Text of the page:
I have reviewed with interest Lucinda Ferguson’s letter ‘"Final and binding" awards’.
Lucinda refers to my ‘Family law arbitration wins’ article as ‘misleading in one respect, namely that "awards" made under the Scheme are "final and binding"’. I never stated that an award in arbitration usurps or undermines the jurisdiction of the court.
Lucinda mentions article 13.3 of the IFLA Scheme Rules. It is important I mention when reading article 13.3(b) that ‘if the subject matter of the award requires the award to be embodied in a court order’ the court retains the jurisdiction to make such changes when making that order as it considers necessary.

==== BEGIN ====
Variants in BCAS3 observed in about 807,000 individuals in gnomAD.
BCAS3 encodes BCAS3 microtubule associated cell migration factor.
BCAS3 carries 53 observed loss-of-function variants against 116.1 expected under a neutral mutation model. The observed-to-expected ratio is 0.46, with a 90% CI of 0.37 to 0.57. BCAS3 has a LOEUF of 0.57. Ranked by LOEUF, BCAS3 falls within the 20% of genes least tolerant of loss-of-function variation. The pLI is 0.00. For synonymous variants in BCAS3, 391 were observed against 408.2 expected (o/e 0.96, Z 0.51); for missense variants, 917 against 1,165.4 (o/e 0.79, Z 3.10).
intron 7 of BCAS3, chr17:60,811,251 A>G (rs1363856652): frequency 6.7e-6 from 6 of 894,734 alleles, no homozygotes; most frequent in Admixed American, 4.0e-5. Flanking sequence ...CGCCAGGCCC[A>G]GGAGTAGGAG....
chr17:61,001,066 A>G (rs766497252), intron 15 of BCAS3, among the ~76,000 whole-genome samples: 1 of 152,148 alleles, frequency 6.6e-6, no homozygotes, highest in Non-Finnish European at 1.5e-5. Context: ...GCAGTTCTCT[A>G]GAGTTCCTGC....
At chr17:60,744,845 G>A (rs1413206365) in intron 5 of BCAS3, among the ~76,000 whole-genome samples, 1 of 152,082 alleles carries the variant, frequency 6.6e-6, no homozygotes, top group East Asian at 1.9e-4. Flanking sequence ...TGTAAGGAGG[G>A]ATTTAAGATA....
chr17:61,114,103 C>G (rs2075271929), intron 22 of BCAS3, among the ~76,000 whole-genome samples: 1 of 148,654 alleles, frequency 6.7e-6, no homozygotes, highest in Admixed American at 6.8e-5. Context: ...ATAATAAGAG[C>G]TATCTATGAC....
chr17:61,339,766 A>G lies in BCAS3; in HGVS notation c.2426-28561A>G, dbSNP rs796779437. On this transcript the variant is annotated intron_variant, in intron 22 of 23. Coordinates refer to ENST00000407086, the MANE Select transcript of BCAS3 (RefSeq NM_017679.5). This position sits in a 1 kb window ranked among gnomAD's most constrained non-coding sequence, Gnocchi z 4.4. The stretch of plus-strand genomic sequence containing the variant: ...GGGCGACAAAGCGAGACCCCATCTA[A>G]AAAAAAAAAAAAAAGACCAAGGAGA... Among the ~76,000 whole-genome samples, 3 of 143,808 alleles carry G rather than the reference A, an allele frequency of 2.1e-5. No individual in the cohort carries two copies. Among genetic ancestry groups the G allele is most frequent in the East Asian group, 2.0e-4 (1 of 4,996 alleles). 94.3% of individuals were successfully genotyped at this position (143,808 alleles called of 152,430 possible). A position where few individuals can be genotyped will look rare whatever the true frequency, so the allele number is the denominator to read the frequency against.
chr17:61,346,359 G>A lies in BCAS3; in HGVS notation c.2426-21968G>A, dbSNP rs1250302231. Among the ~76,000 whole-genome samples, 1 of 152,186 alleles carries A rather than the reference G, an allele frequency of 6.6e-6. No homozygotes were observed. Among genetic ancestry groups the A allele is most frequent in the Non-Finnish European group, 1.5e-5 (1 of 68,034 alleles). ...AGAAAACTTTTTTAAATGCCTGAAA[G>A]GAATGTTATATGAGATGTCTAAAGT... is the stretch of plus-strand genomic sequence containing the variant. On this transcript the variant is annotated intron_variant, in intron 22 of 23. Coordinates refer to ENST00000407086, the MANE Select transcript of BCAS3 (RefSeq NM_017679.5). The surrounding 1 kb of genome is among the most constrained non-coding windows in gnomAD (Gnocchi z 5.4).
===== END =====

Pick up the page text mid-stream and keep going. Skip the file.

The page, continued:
At the initial pre-engagement meeting before the arbitrator, the arbitrator makes it quite clear that the parties are entering into a contract with the arbitrator and that the contractual relationship will result at the conclusion of the arbitration in a final and binding arbitration award (as stated in my article) between them. The parties are also informed that, should the award include terms that may require enforcement, the award will be referred to the court and the court will be asked to encapsulate the award into a court order enabling, where necessary, enforcement.
I think in the circumstances Lucinda may not have been fair with her comment in respect of this particular aspect of my article.
DR Sheridan, DR Sheridan LLP, Bushey, Herts